Applying the Gonzalez framework, we hold that Russell's questioning fails to satisfy the second prong of the Terry analysis. First, Russell's question regarding contraband and request for consent to search defendant and his vehicle were unrelated to the initial purpose of the stop, the three traffic violations.

Because the questions were not related to the initial purpose of the stop, we next consider whether Russell had a reasonable, articulable suspicion of criminal conduct that justified the questioning. The State argues that the questioning was justified based on (1) Russell's observation of the latex gloves, (2) his observation of the FOID card, and (3) the fact that the stop occurred in a "high crime area." We hold that these facts, viewed individually or taken together, did not provide Russell with a reasonable, articulable suspicion of criminal activity that justified his questioning of defendant.

First, Russell's observation of the latex gloves did not support a reasonable, articulable suspicion of criminal activity. Even though Russell had been advised that gang members were using latex gloves during the commission of handgun crimes, he had no information that defendant or the passenger was a gang member. Additionally, as defendant argues in his appellate brief, latex gloves have many legitimate uses, and there are numerous non-criminal reasons why an individual would keep latex gloves in his or her car.

Second, the fact that the stop occurred in a high-crime area is also insufficient to support reasonable suspicion. See People v. Gilbert, 347 Ill. App. 3d 1034, 1041 (2004); People v. Ortiz, 317 Ill. App. 3d 212, 224-25 (2000).

Finally, defendant's FOID card indicated only that he owned a firearm, and the mere ownership of a firearm is not illegal. The card did not indicate that defendant was illegally carrying a firearm in the vehicle. Thus, Russell's observation of the FOID card did not warrant a reasonable suspicion of criminal activity. We also note that, because an individual must possess a FOID card in order to acquire or possess a firearm (see 430 ILCS 65/2(a)(1) (West 2002)), allowing an officer to question a driver and search his or her car based on the observation of a FOID card would penalize the driver for complying with the law.

The State cites People v. Ross, 289 Ill. App. 3d 1013 (1997), as support for its argument that the FOID card provided Russell with reasonable suspicion of criminal activity. There, two officers stopped the defendant for a traffic violation, and the defendant exited the car and met the officers at the back of his vehicle. The officers asked for identification and the defendant produced a FOID card. The officers asked the defendant if there was a gun in the car, and the defendant responded that there was. The officers searched the car, located the gun, and arrested the defendant. On appeal from the denial of the defendant's motion to suppress, the reviewing court held that the questioning of the defendant was not a fourth amendment violation. It reasoned that based on safety concerns, it was reasonable for the officers "to be concerned about the whereabouts of that gun and to question [the defendant] regarding it." Ross, 289 Ill. App. 3d at 1018.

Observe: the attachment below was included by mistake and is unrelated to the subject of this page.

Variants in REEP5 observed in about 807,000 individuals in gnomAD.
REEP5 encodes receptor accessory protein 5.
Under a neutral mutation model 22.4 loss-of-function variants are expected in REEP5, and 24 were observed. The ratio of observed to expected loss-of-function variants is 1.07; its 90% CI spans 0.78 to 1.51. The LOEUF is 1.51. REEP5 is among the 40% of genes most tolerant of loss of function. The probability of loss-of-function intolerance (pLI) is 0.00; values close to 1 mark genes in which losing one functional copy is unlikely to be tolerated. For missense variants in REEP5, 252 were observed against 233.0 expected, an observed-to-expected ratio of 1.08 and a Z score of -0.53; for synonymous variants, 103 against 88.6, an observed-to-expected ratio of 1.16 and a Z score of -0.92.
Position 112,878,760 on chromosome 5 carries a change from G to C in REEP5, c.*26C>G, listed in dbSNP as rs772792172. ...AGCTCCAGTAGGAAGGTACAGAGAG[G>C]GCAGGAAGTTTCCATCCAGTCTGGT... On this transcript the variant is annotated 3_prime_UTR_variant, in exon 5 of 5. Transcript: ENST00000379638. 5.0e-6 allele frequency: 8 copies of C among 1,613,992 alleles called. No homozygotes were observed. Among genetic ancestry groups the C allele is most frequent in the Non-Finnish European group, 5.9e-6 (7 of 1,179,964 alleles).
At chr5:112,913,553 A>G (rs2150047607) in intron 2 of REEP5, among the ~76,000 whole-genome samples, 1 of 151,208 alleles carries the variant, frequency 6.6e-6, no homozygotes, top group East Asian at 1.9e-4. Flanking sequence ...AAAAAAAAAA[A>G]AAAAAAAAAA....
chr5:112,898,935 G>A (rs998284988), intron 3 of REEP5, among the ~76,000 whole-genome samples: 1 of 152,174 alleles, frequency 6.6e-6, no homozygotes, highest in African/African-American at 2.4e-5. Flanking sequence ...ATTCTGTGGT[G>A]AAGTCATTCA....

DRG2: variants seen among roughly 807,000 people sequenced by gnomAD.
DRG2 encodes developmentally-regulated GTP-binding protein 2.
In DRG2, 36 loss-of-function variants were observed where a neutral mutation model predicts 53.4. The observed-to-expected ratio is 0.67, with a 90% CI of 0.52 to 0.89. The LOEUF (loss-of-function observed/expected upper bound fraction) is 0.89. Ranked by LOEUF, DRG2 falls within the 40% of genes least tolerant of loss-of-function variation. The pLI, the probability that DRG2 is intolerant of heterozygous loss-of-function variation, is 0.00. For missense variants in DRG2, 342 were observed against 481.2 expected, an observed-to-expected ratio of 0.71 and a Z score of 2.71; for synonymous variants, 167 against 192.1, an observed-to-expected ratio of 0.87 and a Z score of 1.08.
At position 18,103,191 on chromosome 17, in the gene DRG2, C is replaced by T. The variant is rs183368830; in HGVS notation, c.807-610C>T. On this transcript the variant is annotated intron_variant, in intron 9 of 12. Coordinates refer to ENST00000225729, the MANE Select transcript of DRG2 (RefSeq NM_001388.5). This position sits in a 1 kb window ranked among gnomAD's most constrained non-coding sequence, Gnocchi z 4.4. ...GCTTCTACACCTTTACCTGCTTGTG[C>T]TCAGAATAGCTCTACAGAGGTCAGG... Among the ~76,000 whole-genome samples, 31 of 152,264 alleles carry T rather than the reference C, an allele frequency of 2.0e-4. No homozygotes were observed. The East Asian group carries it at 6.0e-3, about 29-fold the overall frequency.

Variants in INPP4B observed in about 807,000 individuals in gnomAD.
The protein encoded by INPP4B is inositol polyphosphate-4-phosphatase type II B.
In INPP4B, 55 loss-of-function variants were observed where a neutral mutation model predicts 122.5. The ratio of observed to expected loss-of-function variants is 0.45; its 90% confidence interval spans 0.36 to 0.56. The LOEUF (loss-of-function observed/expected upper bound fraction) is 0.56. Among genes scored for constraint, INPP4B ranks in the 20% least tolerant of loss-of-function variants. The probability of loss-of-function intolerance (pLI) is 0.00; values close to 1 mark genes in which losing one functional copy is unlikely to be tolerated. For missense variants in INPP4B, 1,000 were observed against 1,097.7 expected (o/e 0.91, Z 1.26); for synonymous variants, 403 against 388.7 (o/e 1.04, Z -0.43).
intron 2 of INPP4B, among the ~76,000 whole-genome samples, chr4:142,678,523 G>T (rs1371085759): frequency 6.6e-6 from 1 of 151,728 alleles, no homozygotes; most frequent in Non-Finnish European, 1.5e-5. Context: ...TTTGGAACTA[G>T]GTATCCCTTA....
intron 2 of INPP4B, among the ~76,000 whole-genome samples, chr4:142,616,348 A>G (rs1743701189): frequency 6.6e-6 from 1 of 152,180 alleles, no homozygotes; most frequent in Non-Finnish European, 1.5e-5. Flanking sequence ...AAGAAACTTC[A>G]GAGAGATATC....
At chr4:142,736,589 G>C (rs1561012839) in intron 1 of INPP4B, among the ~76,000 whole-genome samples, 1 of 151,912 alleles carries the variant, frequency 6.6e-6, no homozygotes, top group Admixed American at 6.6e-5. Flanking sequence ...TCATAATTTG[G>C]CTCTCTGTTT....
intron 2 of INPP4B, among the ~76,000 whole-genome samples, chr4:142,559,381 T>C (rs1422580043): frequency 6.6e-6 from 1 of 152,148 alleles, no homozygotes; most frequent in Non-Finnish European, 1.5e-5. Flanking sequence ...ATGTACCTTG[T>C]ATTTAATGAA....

Ross does not help the State here. The Ross court did not hold that the FOID card gave the officers a reasonable, articulable suspicion of criminal conduct. Rather, it held that the officers' questioning and search for weapons was justified because of the officers' safety concerns. Ross, 289 Ill. App. 3d at 1018. Such a search is permissible if an officer reasonably concludes that the driver poses a threat to his safety. See People v. Morquecho, 347 Ill. App. 3d 382, 386 (2004). Here, the State does not argue that Russell requested consent to search defendant and his car out of a concern for his safety. Nor did Russell testify that that was the reason for the search. Thus, the State cannot rely on Ross to justify the questioning and search of defendant.

Because Russell's questioning was not related to the purpose of the stop and was not supported by a reasonable, articulable suspicion of criminal conduct, we next consider whether the questioning prolonged defendant's detention or changed the fundamental nature of the stop. In People v. Bunch, 207 Ill. 2d 7, 17 (2003), the court held that questioning that occurred after the purpose of the stop had concluded impermissibly prolonged the detention of the defendant. Such is the case here. Russell stopped the vehicle because of three minor traffic violations. Once Russell determined that defendant's license was valid and that there were no outstanding warrants, all that remained was to issue defendant a warning or a ticket. Instead, Russell asked defendant whether he had contraband and asked for consent to search his person and his vehicle. Because these questions occurred after the purpose of the stop was completed, the questions impermissibly prolonged defendant's detention. See Bunch, 207 Ill. 2d at 17.

Moreover, the questioning changed the fundamental nature of the stop. To issue defendant a warning or a ticket for the traffic violations, Russell needed only to obtain defendant's license and registration, run a computer check, and issue the warning or ticket. By asking whether defendant had contraband and asking to search him and his vehicle, Russell "converted a routine traffic stop into a fishing expedition." People v. Hall, 351 Ill. App. 3d 501, 505 (2004).

Accordingly, defendant's detention, following the conclusion of the purpose of the traffic stop, was unreasonable within the meaning of the fourth amendment and tainted the resulting discovery of the handgun. See Bunch, 207 Ill. 2d at 20.

The judgment of the circuit court of Kane County is affirmed.

Affirmed.

HUTCHINSON and CALLUM, JJ., concur.

20041012